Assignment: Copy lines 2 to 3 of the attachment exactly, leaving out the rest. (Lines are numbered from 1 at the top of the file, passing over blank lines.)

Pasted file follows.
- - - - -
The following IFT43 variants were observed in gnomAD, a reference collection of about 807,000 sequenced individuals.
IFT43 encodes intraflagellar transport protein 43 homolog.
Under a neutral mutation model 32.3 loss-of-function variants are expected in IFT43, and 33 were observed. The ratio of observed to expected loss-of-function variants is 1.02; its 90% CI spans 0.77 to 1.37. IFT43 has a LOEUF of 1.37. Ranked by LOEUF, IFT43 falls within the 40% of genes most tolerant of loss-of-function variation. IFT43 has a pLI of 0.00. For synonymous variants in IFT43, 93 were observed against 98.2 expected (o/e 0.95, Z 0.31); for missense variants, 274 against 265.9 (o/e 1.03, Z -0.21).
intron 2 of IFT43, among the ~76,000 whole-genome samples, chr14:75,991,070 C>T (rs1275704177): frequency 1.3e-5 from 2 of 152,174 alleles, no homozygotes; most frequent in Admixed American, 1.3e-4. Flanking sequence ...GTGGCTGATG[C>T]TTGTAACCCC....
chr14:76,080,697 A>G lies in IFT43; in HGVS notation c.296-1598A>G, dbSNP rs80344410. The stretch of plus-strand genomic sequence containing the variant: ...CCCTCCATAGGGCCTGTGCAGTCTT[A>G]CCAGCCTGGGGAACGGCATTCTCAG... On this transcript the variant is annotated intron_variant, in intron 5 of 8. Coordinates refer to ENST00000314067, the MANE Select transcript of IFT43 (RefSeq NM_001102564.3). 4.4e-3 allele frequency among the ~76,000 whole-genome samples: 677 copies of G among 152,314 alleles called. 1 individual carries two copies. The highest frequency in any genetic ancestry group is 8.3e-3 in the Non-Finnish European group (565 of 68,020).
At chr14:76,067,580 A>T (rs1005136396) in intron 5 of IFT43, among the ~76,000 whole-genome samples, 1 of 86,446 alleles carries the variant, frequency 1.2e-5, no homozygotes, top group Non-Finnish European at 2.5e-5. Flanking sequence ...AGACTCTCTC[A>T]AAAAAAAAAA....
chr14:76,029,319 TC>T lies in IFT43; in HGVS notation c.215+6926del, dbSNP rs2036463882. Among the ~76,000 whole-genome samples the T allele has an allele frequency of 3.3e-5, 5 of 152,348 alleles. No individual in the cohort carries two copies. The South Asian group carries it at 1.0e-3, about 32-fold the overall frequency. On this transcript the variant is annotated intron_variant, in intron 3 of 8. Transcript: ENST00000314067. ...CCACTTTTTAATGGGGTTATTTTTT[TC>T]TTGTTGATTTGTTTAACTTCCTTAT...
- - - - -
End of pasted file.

IFT43 encodes intraflagellar transport protein 43 homolog.
Under a neutral mutation model 32.3 loss-of-function variants are expected in IFT43, and 33 were observed. The ratio of observed to expected loss-of-function variants is 1.02; its 90% CI spans 0.77 to 1.37. IFT43 has a LOEUF of 1.37. Ranked by LOEUF, IFT43 falls within the 40% of genes most tolerant of loss-of-function variation. IFT43 has a pLI of 0.00. For synonymous variants in IFT43, 93 were observed against 98.2 expected (o/e 0.95, Z 0.31); for missense variants, 274 against 265.9 (o/e 1.03, Z -0.21).